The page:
- 26.6% of all flights delayed in the US in 2007;
- Worst performance since 2000;
- Mishandled bags rose 4.5%;
- Passengers paying more - average domestic US yields rose 1.2% in 2007;
- Passenger complaints surged 58.2%;
- Bush Administration proposes doubling in NextGen investment in 2009, subject to Congress approval of change in funding mechanism
- 2009 budget proposes USD765 million in cuts to airport improvement programme;
- Passenger security charges to rise to fund screening upgrades.
The percentage of delayed flights in the US rose to their highest level last year since 2000, with 26.6% of flights delayed. In 2000, 27.4% of flights were delayed. On-time performance dropped from 75.4% in 2006 to 73.4% in 2007.
Meanwhile, the number mishandled bags increased from 6.73 per 1,000 in 2006 to 7.03 in 2007, according to the US Department of Transportation’s (DoT) Air Travel Consumer Report.
Despite the reduction in service quality, passengers paid more, with average domestic yields rising 1.2% year-on-year to USD 12.94 cents per RPM. Understandably, passengers weren’t happy, filing 13,168 complaints with the DoT last year – up 58.2% year-on-year.
The results, particularly the delays, highlight the crisis in the US air traffic control (ATC) system and the lack of progress in developing new airport infrastructure in the US. The system is straining under a 31% increase in flights since 2000.
Proposed solutions, including allowing airports to introduce peak time user charging, will not fix the long-term problems. A demand-sapping economic recession is the most likely reason the US could avoid crippling delays again this Summer.
Encouragingly, however, the Bush Administration is increasing investment in the Next Generation Air Transportation System (or NextGen) – a satellite system that will take nearly two decades to complete. In fiscal 2009, investment in NextGen technology will more than double to USD688 million.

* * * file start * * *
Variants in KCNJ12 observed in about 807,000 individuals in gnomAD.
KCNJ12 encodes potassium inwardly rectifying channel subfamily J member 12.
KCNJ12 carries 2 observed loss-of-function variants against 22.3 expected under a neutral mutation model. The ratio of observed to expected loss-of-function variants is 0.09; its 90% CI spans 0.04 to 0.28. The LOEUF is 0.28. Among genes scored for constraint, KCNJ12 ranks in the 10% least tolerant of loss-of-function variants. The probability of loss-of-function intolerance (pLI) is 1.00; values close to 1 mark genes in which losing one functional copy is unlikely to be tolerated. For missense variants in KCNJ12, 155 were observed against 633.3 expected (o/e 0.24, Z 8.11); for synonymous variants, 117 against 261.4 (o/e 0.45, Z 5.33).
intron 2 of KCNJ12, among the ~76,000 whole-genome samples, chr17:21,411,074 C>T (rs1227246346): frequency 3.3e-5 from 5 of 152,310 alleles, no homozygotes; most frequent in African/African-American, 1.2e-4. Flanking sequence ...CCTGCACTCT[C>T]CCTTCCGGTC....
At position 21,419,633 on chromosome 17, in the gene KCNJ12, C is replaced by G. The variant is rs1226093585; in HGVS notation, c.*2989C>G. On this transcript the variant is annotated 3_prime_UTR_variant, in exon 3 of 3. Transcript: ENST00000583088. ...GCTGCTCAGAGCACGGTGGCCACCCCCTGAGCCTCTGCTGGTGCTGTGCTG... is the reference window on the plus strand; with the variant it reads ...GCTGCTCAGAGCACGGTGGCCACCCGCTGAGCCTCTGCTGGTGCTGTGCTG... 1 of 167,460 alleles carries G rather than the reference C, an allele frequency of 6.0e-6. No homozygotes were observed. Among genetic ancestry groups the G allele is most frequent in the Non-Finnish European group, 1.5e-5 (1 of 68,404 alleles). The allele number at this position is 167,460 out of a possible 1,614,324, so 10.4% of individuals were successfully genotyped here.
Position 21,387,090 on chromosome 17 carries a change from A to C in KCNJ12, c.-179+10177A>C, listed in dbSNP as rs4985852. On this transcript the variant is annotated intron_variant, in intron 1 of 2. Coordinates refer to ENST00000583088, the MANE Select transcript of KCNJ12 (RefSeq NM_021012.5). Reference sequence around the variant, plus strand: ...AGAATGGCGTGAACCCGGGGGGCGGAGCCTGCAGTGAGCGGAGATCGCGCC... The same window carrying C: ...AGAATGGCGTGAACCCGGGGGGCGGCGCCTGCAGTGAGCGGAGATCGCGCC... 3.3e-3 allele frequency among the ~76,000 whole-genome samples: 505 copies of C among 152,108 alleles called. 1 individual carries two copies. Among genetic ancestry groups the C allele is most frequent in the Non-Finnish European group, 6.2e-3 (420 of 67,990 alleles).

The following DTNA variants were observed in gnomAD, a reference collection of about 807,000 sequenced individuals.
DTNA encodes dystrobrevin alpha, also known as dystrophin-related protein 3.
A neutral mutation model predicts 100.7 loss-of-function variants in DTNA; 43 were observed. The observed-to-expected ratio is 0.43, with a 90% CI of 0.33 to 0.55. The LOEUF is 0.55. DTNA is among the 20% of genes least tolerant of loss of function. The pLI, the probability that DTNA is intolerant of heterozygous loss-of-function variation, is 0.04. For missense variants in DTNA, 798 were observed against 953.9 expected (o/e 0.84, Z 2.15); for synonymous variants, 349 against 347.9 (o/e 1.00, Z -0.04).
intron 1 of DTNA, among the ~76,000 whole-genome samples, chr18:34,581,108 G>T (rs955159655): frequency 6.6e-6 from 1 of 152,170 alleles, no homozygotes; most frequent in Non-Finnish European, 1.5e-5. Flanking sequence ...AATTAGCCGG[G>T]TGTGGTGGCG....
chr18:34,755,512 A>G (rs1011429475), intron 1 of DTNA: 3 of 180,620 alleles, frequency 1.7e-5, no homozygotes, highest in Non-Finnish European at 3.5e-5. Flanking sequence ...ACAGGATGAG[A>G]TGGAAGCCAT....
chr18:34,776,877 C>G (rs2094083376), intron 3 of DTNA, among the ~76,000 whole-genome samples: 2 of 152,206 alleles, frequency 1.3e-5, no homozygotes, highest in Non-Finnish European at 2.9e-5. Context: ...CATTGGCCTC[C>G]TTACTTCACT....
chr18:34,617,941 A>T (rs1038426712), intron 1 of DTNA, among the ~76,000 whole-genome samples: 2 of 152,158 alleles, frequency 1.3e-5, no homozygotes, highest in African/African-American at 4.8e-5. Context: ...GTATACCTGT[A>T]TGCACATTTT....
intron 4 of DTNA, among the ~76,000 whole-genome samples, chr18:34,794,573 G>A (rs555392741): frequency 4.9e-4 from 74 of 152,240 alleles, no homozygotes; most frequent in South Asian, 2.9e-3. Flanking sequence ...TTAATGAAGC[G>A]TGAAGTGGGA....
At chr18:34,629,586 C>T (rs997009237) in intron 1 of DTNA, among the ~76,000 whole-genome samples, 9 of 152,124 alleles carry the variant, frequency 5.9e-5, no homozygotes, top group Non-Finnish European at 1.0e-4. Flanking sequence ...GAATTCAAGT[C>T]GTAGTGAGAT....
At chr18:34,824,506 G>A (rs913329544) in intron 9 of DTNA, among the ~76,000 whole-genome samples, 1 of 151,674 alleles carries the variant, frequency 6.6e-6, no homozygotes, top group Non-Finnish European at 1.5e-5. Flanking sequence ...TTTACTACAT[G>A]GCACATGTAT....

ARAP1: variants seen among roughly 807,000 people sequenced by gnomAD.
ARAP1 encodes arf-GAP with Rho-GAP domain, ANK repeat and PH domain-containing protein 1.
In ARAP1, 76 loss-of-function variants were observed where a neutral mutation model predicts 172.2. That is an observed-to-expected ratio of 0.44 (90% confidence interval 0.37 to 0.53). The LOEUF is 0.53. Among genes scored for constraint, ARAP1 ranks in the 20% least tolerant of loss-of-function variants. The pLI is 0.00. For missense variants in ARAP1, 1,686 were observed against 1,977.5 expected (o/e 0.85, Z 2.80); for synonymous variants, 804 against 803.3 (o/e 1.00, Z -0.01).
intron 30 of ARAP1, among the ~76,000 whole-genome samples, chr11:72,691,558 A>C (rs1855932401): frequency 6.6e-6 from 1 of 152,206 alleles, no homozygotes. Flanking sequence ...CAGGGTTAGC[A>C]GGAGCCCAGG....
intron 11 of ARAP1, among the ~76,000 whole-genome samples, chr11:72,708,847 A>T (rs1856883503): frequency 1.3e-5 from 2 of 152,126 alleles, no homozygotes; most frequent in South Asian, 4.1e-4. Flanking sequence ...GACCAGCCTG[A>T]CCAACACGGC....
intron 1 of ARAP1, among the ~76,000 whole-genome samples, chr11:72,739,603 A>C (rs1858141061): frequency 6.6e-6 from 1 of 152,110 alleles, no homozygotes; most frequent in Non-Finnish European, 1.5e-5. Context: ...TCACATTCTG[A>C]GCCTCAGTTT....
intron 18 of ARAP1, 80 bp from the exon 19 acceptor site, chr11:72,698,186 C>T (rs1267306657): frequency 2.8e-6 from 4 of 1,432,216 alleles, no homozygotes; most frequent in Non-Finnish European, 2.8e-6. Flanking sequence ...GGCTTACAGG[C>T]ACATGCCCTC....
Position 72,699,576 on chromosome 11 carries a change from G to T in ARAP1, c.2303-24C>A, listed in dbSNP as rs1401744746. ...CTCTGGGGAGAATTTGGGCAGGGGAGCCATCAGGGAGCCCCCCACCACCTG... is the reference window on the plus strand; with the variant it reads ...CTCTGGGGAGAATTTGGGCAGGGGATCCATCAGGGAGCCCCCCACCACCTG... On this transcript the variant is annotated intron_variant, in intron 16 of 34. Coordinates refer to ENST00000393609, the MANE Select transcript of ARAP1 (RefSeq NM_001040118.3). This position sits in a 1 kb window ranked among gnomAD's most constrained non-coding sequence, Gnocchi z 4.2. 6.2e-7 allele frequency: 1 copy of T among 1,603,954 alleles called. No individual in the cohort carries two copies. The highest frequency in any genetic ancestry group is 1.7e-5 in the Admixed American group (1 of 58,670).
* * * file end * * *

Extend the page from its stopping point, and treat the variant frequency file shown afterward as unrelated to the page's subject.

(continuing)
But even this plan depends on Congress agreeing to the Government’s proposal to change the funding mechanism for the Airport and Airway Trust Fund, to shift away from an airline ticket tax to a user-pays method.
At the same time, the Bush Administration’s budget proposes USD765 million in cuts to the FAA's airport improvement programme to USD2.75 billion. That level of funding is USD1.1 billion below the current level in the FAA reauthorisation bill pending in Congress. According to Transportation Secretary, Mary Peters, the USD2.75 billion request was "based on our assessment of meeting safety needs”.
Rather than building new runways and terminals, budget proposals call for the purchase of more baggage screeners, with further security upgrades to be funded by a proposed USD1 per sector additional security charge for flights originating in the US.
Overall, the 2009 budget is a mixed outcome for an aviation industry requiring sustained investment to overcome key infrastructure bottlenecks. Perhaps it is time to allow the private sector a greater role in funding aviation infrastructure development. Chicago Midway Airport's potential privatisation this year could provide an example of the way forward.
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